Part 4: Math is More than just Numbers
Math is usually one of those subjects you absolutely love or totally despise. Although math was never one of my favorite subjects when I was a student, as a teacher I grew to appreciate the various processes, tools, songs and hands-on ways to make learning more fun. Visually it can be cumbersome to understand how mathematical concepts work and are related. This doesn’t even include the act of reading, interpreting, and correctly writing the problem to find a solution which is a more advanced skill. Since the basic levels of math require number recognition, some students who struggle with math have difficulties starting at this level. Perhaps their difficulties begin when they have to use spatial awareness to write the numbers down in a certain way, or draw a visual representation of the mathematical work they are doing so that it makes sense. Math is a subject where you need to master one skill before moving onto the next level. In third grade this was made obvious as we progressed from mastering multi digit addition and subtraction, to learning how to multiply, to introducing division.
Common Math Difficulties
- Writing numerical answers in the correct order/place value (ex. Understanding 123 is very different from 321)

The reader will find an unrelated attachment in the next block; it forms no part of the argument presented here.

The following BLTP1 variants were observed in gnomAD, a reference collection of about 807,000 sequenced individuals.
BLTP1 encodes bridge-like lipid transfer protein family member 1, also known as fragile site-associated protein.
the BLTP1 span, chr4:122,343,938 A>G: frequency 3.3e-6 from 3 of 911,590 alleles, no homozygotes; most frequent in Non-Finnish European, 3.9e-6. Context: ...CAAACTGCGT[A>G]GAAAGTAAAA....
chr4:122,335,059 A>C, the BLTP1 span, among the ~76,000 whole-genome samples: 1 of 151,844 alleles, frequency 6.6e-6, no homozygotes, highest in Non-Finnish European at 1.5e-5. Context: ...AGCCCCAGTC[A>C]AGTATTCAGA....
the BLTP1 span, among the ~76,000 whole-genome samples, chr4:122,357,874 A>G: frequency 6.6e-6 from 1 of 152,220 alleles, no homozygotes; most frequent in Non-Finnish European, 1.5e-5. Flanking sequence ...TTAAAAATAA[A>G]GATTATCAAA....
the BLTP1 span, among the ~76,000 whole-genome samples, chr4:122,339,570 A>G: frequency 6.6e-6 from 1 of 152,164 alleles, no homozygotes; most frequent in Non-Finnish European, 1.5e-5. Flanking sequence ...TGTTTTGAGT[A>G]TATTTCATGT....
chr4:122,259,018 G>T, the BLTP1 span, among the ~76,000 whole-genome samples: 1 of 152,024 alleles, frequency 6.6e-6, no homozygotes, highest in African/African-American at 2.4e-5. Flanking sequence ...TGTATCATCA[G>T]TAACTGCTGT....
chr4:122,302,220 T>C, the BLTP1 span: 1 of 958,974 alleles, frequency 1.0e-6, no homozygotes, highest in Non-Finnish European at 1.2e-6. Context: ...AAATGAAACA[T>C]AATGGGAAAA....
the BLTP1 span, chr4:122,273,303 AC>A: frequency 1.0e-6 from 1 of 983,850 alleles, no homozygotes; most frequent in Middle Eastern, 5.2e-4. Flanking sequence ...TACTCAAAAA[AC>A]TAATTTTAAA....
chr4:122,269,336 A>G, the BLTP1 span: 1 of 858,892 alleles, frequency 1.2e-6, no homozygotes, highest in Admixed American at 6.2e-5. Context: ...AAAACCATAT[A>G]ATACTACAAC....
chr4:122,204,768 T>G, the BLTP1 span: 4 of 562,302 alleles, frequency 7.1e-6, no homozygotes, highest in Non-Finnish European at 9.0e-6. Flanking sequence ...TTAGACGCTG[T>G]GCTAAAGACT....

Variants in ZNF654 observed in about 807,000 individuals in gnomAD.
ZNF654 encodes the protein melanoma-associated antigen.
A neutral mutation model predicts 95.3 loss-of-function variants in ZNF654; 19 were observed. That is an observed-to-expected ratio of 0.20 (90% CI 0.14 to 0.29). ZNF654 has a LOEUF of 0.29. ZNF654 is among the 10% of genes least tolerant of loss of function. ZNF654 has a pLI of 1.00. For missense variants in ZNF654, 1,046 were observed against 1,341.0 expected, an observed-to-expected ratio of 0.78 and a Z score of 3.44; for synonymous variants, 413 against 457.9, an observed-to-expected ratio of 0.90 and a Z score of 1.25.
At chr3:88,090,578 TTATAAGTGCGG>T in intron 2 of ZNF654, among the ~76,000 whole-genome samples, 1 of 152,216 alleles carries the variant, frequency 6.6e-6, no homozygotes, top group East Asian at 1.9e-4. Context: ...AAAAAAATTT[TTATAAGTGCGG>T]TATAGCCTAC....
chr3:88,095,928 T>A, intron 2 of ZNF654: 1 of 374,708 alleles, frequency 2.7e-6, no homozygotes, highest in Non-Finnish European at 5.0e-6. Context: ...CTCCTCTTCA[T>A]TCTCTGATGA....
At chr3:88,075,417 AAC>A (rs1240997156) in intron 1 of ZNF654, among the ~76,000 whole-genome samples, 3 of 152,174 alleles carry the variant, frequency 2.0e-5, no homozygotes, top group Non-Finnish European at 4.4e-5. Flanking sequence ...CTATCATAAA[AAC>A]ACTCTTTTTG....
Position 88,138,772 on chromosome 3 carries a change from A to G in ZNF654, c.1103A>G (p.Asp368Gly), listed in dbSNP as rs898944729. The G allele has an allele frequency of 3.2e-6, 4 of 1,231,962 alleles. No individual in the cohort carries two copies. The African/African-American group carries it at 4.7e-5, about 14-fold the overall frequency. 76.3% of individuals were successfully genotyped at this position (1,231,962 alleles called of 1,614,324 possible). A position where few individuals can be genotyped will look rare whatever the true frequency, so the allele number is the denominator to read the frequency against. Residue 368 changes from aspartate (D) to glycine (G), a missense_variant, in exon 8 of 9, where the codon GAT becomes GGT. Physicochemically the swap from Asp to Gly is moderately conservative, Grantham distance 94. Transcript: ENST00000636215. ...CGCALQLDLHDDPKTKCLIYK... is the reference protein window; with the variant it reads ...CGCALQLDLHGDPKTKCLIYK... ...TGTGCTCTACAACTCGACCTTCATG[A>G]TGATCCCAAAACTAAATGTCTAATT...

- Recognizing patterns in numbers, counting
- Skip counting
- Lining up numbers correctly to solve problems
- Following the appropriate steps to solve a problem
- Clockwise/Counter clockwise
- Symmetry of geometric shapes (ex. Drawing the rest of the picture so the sides match)
- Memorizing math facts
- Being able to read a word problem, understand what it is saying, and find a way to solve
- Drawing a visual to solve a word problem
- Concepts of measurement such as weight/size/ distance/ length
Math and Vision Therapy
I have done several activities so far as a vision therapist that help promote visual awareness, memory, processing speed, seeing things from a different perspective, and patterns. Spatial awareness activities can include orientation, number order, and require a person to solve any problems that come up while working. One activity we use to promote visual logic is a version of tic-tac-toe where the patient cannot see the board and has to plan and visualize each move in their head, much like planning for how to solve a math problem. Working through these vision therapy exercises could promote mathematical growth as well as numerous other brain skills. While vision therapy doesn’t strive to teach math skills, it helps improve the child’s conceptual understanding of math through numerical literacy and visual thinking. It’s exciting to know so many areas of the brain can be enhanced at the same time.